Renewable resources dropped back below 50% of new power generation in the second quarter of 2019. Although the proportion of distributed solar has grown in the last two quarters, losses in the growth of utility solar and wind allowed the majority share to be gas, once again. Despite this setback in percentage, renewables are making up a greater portion of new capacity than they have in previous second quarters of 2017 and 2018.
In the chart below, we illustrate the past several years of new power plant capacity in the U.S., disaggregated by energy source on a quarterly basis.
Fracked Gas Makes Up a Majority of New Capacity, for Now
Gas’s portion of new capacity grew by 12 percent this quarter. However, new research from the Rocky Mountain Institute (RMI) predicts that utilities continuing this gas construction habit will have trouble paying for the plants to operate beyond 2035. According to their study “The Growing Market for Clean Energy Portfolios,” clean energy portfolios are cost competitive, and in some cases cheaper, than building new gas plants.
State regulators should pay particularly close attention to gas plant proposals. In Minnesota, the Public Utilities Commission unanimously rejected a gas plant purchase (the Mankato Energy Center) by Xcel Energy last week.
Distributed Solar Grows as Utility Solar Falters
This quarter, utility-scale solar hit its lowest total new capacity (395 megawatts) since the first quarter of 2015 (352 megawatts). Meanwhile, for the seventh consecutive quarter, small-scale solar added more than 850 megawatts of new capacity nationally.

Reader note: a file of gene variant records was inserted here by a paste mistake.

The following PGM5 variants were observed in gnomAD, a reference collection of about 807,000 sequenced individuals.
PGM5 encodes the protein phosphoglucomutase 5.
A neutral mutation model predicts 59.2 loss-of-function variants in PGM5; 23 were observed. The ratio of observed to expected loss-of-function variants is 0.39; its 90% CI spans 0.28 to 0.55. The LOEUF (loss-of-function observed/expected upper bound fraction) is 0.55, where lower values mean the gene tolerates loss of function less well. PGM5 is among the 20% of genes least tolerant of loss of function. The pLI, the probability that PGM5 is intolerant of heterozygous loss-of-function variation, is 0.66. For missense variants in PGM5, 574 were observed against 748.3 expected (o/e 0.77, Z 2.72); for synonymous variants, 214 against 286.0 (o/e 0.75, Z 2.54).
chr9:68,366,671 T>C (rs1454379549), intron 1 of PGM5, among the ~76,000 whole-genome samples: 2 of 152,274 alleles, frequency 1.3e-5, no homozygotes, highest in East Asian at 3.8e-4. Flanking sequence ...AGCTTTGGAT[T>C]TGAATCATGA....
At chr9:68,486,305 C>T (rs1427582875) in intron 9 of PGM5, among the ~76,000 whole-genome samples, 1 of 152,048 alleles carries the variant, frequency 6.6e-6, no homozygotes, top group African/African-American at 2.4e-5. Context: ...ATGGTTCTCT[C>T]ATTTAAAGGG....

Distributed solar has gained two percentage points this quarter, solidifying its history of consistent growth. Though reductions in utility solar and wind growth are discouraging for renewable energy advocates, these technologies have seen large fluctuations quarter-to-quarter. The outlook of small-scale solar still looks promising.
As more cities across the country look for creative ways to meet ambitious targets for energy independence and 100 percent renewable energy, the future continues to look bright for investments in local, renewable power.
Interested in earlier trends and analysis of new power plant capacity? Check out our archive, illustrating how electricity generation has changed in previous quarters and years.
This article originally posted at ilsr.org. For timely updates, follow John Farrell on Twitter or get the Energy Democracy weekly update.
Featured Photo Credits: Panchenks / Activ Solar / stantontcady / mdmarkus66 via Flickr (CC 2.0)